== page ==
Medicare Part A as an individual mandate

Opponents of the individual mandate agree with Judge Hudson that the Commerce Clause does not extend to regulating inactivity:

“But these regulatory powers are triggered by some type of self-initiated action. Neither the Supreme Court nor any federal circuit court of appeals has extended Commerce Clause powers to compel an individual to involuntarily enter the stream of commerce by purchasing a commodity in the private market.” Commonwealth ex rel. Cuccinelli v. Sebelius, — F.Supp.2d —- (2010), at *12.

But I can think of at least 2 examples of Congress requiring all Americans to purchase insurance:  Social Security and Medicare Part A.  The premiums are collected on wages in the Internal Revenue Code for two mandatory social insurance programs:

Section 3101.  Rate of Tax.

(a)   Old-Age, Survivors, and Disability Insurance.—In addition to the other taxes, there is hereby imposed on the income of every individual a tax equal to the following percentages of the wages (as defined in section 3121(a)) received by him with respect to employment (as defined in section 3121(b))…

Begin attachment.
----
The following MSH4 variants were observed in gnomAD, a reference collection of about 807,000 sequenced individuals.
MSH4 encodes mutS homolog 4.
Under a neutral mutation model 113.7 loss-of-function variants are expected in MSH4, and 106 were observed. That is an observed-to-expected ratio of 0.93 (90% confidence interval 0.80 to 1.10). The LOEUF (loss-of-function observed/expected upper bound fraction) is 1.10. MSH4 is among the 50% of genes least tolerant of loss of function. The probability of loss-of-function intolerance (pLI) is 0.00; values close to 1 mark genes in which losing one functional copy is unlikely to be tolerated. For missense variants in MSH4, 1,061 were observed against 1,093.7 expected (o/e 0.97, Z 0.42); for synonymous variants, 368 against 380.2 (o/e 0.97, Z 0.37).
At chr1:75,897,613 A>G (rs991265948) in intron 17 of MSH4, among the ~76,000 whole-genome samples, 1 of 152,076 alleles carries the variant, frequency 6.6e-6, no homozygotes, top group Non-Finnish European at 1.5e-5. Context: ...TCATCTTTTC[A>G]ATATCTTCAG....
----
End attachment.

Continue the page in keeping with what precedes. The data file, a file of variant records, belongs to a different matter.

(b)   Hospital Insurance.—In addition to the tax imposed by the preceding subsection, there is hereby imposed on the income of every individual a tax equal to the following percentages of the wages (as defined in section 3121(a)) received by him with respect to employment (as defined in section 3121(b)) –[1]

These federal social insurance programs ignore the activity/inactivity distinction  – try failing to pay your Social Security or Medicare Part A taxes and see what happens next.  You will be compelled to involuntarily enter the stream of commerce and purchase these two insurance products from the federal government.

Orin Kerr raises related questions in the context of child pornography laws.

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[1]  The federal government also imposes taxes on employers at 26 USC § 1401 for Social Security and Medicare, and Federal Unemployment Tax under § 3310.

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